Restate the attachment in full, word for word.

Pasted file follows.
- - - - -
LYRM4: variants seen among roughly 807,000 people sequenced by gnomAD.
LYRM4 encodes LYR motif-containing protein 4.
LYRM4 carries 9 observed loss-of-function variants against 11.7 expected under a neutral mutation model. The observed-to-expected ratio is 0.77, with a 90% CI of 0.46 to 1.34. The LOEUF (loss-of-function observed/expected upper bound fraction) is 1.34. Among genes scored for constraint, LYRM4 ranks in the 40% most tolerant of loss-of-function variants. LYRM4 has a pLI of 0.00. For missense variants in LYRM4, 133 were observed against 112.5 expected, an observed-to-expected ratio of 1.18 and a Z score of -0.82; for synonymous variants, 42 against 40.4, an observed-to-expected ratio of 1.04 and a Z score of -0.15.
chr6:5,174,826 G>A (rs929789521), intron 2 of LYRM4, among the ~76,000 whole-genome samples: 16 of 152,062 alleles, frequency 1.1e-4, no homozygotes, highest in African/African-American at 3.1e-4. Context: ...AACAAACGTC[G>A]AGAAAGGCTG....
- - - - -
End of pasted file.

LYRM4: variants seen among roughly 807,000 people sequenced by gnomAD.
LYRM4 encodes LYR motif-containing protein 4.
LYRM4 carries 9 observed loss-of-function variants against 11.7 expected under a neutral mutation model. The observed-to-expected ratio is 0.77, with a 90% CI of 0.46 to 1.34. The LOEUF (loss-of-function observed/expected upper bound fraction) is 1.34. Among genes scored for constraint, LYRM4 ranks in the 40% most tolerant of loss-of-function variants. LYRM4 has a pLI of 0.00. For missense variants in LYRM4, 133 were observed against 112.5 expected, an observed-to-expected ratio of 1.18 and a Z score of -0.82; for synonymous variants, 42 against 40.4, an observed-to-expected ratio of 1.04 and a Z score of -0.15.
chr6:5,174,826 G>A (rs929789521), intron 2 of LYRM4, among the ~76,000 whole-genome samples: 16 of 152,062 alleles, frequency 1.1e-4, no homozygotes, highest in African/African-American at 3.1e-4. Context: ...AACAAACGTC[G>A]AGAAAGGCTG....